There are two programs that my superintendency would pursue.

First, we must fix and refocus the purpose and meaning of the AIMS test. I would adopt the Wyoming model of “Body of Evidence.” This model uses best practices in
administering this non-norm reference test. First, it makes the test a formative
assessment tool for teachers to use to better their students. It does this by:

1. Giving the test on a computer so that the results are sent to both the state and the teacher immediately;

2. Breaking the test into specific strands so that a student who did well on one
strand is not retested on that area but rather then focuses on those areas in
which the student did poorly. A student—with the one on one help of the teacher—can focus on his weaknesses and retake that specific part of the AIMS test.

3. Banking the scores, which allows the federal government to mine AIMS scores for AYP purposes if a student does well on a strand and not have to retake that section. This is done in Wyoming. In fact Wyoming was the first state in the nation to have its test approved by the U.S. Department of Education; whereas, the AIMS test has NOT yet received approval.

The “Body of Evidence” model recognizes that Arizona has over 140 state standards, yet AIMS tests only 34 of those standards. “Body of Evidence” requires that a student must achieve a certain number of points to graduate, and the AIMS test can only give that student 60% of the total points needed. This means each student must do more in high school than just take AIMS. The other points are earned by taking classes and activities that are linked to state standards. Each class, like chemistry or American history, is worth points. Each activity, like speech and debate or 4-H, is worth points. Let’s encourage our students to broaden their curriculum while maintaining the recognized value of the core elements – reading, writing and math – tested by AIMS.

The “Body of Evidence” model also promotes local control. If there are local customs or cultural values that are important to a community, the local school board can incorporate those customs and values into the curriculum if the district can show a link between them and the state standards.

Under the current superintendency, the AIMS is a complete mess. Each year, the score a child needs to pass the exam drops, thereby making the definition of pass versus fail completely subjective to the whim of the department and not subject to how well a student actually performs.

The debacle continues; under the Flores decision, some of our population has been excused from the high-stakes requirement of AIMS, while others must pass it to graduate. Moreover, because the test is given with paper and pencil, it is
months before teachers get back results. Often the results come after the student has moved on to the next grade. There is no formative assessment component to AIMS. In fact, Arizona waits to intervene with a struggling student until his twelfth grade year. We should be helping students at the first sign of failing, regardless of age. The AIMS test should be a tool for teachers to better educate our children, not a punishment. Lastly, while Arizona has been testing, testing, testing, Arizona’s ranking among all the states in the union has ebbed to last in the nation, according to the Morgan Quinto Press. When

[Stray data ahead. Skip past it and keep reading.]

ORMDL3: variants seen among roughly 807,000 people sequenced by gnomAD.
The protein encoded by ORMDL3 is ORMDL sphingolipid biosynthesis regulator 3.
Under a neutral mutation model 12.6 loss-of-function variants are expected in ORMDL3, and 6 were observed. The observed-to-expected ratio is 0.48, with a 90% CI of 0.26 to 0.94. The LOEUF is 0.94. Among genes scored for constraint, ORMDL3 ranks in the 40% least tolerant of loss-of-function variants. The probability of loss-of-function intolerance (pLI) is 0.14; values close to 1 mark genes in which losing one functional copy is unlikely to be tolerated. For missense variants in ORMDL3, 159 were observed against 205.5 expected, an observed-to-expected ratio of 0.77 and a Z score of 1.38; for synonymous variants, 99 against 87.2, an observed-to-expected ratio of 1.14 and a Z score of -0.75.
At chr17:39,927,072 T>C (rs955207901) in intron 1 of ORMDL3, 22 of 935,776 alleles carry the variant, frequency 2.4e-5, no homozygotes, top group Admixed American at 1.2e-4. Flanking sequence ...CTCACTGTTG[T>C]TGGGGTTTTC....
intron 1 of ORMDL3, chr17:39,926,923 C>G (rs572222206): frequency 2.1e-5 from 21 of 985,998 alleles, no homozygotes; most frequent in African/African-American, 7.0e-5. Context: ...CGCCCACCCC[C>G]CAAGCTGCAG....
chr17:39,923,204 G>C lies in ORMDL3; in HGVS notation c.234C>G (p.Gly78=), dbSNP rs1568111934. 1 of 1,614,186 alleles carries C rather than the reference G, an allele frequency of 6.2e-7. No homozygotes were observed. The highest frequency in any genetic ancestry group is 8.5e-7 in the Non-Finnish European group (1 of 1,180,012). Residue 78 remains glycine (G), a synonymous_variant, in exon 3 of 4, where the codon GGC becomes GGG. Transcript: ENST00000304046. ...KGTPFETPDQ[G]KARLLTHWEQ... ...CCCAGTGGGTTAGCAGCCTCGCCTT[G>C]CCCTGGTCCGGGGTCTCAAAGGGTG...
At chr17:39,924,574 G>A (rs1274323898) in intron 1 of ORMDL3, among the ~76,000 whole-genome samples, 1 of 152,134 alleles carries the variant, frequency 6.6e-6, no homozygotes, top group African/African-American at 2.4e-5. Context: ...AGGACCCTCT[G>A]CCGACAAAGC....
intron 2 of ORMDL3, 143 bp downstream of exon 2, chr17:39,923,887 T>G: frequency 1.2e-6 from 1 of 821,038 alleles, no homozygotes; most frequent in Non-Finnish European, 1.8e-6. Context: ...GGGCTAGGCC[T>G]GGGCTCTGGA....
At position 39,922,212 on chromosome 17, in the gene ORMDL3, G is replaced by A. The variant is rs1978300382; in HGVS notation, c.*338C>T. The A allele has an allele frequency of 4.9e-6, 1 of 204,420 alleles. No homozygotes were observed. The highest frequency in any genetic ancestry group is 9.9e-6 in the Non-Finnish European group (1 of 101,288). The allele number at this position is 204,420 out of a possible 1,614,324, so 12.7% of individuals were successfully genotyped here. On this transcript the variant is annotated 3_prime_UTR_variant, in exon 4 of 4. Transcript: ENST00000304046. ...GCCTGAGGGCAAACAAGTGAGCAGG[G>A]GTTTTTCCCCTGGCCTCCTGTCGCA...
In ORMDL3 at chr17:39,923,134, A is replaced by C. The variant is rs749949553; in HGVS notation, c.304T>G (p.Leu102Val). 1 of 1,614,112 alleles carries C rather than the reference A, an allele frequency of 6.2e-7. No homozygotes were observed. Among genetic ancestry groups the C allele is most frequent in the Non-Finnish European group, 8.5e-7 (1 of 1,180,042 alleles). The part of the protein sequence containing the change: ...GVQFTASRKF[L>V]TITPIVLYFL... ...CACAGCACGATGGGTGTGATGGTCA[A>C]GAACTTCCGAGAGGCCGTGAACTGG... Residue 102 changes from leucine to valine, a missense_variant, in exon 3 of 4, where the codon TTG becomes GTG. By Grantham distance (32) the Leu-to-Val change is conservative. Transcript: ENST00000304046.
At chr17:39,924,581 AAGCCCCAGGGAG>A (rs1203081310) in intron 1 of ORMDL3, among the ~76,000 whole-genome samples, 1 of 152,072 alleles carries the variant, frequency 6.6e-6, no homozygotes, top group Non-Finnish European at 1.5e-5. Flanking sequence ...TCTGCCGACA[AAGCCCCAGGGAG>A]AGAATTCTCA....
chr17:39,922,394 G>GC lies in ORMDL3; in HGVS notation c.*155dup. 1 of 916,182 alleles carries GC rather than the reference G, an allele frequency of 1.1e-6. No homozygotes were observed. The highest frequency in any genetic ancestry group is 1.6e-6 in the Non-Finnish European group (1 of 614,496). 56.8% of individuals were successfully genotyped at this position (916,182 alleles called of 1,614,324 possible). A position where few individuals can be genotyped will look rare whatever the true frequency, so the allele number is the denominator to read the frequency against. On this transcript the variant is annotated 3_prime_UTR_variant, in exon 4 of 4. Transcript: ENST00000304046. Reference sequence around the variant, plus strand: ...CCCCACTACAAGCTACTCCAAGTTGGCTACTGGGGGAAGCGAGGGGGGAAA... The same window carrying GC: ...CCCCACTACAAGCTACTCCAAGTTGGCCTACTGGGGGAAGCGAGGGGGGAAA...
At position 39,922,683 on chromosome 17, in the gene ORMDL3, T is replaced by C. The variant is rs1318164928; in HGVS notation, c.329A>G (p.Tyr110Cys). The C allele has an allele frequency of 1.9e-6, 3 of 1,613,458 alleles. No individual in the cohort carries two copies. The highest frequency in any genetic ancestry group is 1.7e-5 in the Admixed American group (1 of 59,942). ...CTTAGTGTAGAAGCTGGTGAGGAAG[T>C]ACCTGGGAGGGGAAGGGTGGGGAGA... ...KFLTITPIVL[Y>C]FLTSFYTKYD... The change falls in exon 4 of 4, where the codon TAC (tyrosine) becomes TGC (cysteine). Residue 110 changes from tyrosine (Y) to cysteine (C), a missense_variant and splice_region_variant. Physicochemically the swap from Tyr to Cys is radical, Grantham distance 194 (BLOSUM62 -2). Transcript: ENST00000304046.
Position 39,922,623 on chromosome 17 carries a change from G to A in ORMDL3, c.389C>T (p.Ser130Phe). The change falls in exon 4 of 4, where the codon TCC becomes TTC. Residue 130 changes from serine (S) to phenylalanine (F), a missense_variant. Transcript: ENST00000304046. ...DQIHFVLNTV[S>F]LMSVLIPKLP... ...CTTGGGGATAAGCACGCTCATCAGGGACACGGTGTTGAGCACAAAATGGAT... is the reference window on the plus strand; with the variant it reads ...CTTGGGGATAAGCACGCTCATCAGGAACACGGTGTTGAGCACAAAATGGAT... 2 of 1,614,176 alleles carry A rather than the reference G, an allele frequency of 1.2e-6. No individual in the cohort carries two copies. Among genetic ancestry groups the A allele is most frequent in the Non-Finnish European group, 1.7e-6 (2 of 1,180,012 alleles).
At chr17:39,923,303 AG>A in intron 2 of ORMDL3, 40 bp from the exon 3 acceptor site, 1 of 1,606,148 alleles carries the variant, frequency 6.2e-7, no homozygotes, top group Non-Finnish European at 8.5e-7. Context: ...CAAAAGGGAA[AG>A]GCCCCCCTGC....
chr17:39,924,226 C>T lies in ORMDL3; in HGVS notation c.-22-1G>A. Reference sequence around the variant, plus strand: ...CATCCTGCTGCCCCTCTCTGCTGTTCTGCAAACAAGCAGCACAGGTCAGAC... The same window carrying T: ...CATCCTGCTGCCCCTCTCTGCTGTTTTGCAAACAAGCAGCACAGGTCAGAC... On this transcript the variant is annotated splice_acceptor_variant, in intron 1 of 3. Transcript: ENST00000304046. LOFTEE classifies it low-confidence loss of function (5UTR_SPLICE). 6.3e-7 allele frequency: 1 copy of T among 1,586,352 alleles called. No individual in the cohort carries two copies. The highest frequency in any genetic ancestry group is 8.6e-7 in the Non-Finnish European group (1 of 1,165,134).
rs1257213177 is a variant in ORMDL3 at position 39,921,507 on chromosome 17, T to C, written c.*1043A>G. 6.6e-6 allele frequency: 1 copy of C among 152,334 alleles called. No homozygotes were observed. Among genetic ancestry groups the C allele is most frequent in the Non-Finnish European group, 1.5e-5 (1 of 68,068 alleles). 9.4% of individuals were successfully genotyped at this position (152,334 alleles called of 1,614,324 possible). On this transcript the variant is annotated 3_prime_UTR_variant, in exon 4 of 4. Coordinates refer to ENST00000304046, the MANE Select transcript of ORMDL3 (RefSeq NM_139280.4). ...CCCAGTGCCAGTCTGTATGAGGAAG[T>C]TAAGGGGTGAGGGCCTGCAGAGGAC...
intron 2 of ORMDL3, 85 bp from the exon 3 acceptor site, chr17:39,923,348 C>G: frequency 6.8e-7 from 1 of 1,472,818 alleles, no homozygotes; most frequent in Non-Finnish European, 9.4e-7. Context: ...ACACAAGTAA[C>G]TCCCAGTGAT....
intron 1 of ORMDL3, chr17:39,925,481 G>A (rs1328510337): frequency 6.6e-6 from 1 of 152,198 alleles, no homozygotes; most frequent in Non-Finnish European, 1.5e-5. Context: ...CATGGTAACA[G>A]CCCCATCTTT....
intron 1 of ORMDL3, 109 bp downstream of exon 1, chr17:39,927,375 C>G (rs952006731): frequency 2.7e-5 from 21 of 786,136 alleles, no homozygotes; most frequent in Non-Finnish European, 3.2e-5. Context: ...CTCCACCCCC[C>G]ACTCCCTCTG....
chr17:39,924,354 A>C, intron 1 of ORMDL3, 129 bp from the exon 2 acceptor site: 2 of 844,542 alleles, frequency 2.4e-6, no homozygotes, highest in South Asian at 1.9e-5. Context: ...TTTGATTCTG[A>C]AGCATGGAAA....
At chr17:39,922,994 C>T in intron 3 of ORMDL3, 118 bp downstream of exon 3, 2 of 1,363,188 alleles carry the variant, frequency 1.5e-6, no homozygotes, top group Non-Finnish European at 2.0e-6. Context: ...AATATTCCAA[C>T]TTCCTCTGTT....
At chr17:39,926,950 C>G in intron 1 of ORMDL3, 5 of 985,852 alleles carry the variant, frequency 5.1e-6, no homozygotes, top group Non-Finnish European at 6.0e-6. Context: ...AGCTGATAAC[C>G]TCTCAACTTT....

Horne assumed control Arizona was at 44th and now we are at 50th! We have bottomed out. We can do better.

“Body of Evidence” does not reinvent AIMS. Instead we are adopting another state’s successful template where the test has been proven to be a positive teaching tool rather than a negative one. This is an example of using best practice models. I urge anyone wishing to learn more information to Google Wyoming, PAWS and “Body of Evidence” or visit my Web site at www.slademead.com.
In addition to implementing the “Body of Evidence” approach, I would recognize other state’s teacher certifications for educators moving into Arizona from other states. We have a teacher shortage estimated between 3,500 and 4,500. Why then do we make it so difficult for out-of-state teachers to teach in Arizona? It is illogical. My administration will welcome these teachers with open arms and get them engaged in our system.

As I travel around Arizona, I hear from administrators and teachers that the department is unapproachable and a place to be avoided. That is just terrible. The department should be a resource for all Arizona parents, school teachers and administrators from traditionalpublic schools, charters and even private schools. The department should be viewed as the place to go for assistance and answers. That culture must change and will change with my superintendency. The superintendent of public instruction needs to be a cheerleader for public education, not an enforcer of ideology. If you want to know the difference between the current Superintendent and myself, ask an educator.

Thank you.